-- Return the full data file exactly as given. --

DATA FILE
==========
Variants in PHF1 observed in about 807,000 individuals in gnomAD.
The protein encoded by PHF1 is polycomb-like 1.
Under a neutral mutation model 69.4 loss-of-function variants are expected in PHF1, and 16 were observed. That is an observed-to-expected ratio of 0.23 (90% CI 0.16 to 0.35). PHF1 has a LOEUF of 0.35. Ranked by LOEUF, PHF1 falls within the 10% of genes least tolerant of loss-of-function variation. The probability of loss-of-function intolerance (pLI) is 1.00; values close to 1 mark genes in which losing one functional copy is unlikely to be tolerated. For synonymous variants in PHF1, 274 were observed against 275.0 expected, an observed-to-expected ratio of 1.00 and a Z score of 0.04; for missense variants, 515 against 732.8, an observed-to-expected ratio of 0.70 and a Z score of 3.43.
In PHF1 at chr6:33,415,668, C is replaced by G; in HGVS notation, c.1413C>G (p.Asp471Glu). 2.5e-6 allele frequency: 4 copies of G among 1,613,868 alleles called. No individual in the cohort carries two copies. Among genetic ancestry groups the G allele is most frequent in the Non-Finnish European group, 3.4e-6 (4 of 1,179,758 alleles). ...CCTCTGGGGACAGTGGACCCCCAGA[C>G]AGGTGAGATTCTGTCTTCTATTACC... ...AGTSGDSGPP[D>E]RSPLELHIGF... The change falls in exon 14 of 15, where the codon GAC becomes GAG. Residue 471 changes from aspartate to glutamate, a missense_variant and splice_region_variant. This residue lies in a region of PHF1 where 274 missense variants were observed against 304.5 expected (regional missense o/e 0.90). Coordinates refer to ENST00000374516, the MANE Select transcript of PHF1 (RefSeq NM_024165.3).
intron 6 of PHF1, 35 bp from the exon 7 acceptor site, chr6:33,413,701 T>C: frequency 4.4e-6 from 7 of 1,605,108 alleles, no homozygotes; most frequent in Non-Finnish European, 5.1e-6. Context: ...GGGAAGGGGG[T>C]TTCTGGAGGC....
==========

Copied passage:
Variants in PHF1 observed in about 807,000 individuals in gnomAD.
The protein encoded by PHF1 is polycomb-like 1.
Under a neutral mutation model 69.4 loss-of-function variants are expected in PHF1, and 16 were observed. That is an observed-to-expected ratio of 0.23 (90% CI 0.16 to 0.35). PHF1 has a LOEUF of 0.35. Ranked by LOEUF, PHF1 falls within the 10% of genes least tolerant of loss-of-function variation. The probability of loss-of-function intolerance (pLI) is 1.00; values close to 1 mark genes in which losing one functional copy is unlikely to be tolerated. For synonymous variants in PHF1, 274 were observed against 275.0 expected, an observed-to-expected ratio of 1.00 and a Z score of 0.04; for missense variants, 515 against 732.8, an observed-to-expected ratio of 0.70 and a Z score of 3.43.
In PHF1 at chr6:33,415,668, C is replaced by G; in HGVS notation, c.1413C>G (p.Asp471Glu). 2.5e-6 allele frequency: 4 copies of G among 1,613,868 alleles called. No individual in the cohort carries two copies. Among genetic ancestry groups the G allele is most frequent in the Non-Finnish European group, 3.4e-6 (4 of 1,179,758 alleles). ...CCTCTGGGGACAGTGGACCCCCAGA[C>G]AGGTGAGATTCTGTCTTCTATTACC... ...AGTSGDSGPP[D>E]RSPLELHIGF... The change falls in exon 14 of 15, where the codon GAC becomes GAG. Residue 471 changes from aspartate to glutamate, a missense_variant and splice_region_variant. This residue lies in a region of PHF1 where 274 missense variants were observed against 304.5 expected (regional missense o/e 0.90). Coordinates refer to ENST00000374516, the MANE Select transcript of PHF1 (RefSeq NM_024165.3).
intron 6 of PHF1, 35 bp from the exon 7 acceptor site, chr6:33,413,701 T>C: frequency 4.4e-6 from 7 of 1,605,108 alleles, no homozygotes; most frequent in Non-Finnish European, 5.1e-6. Context: ...GGGAAGGGGG[T>C]TTCTGGAGGC....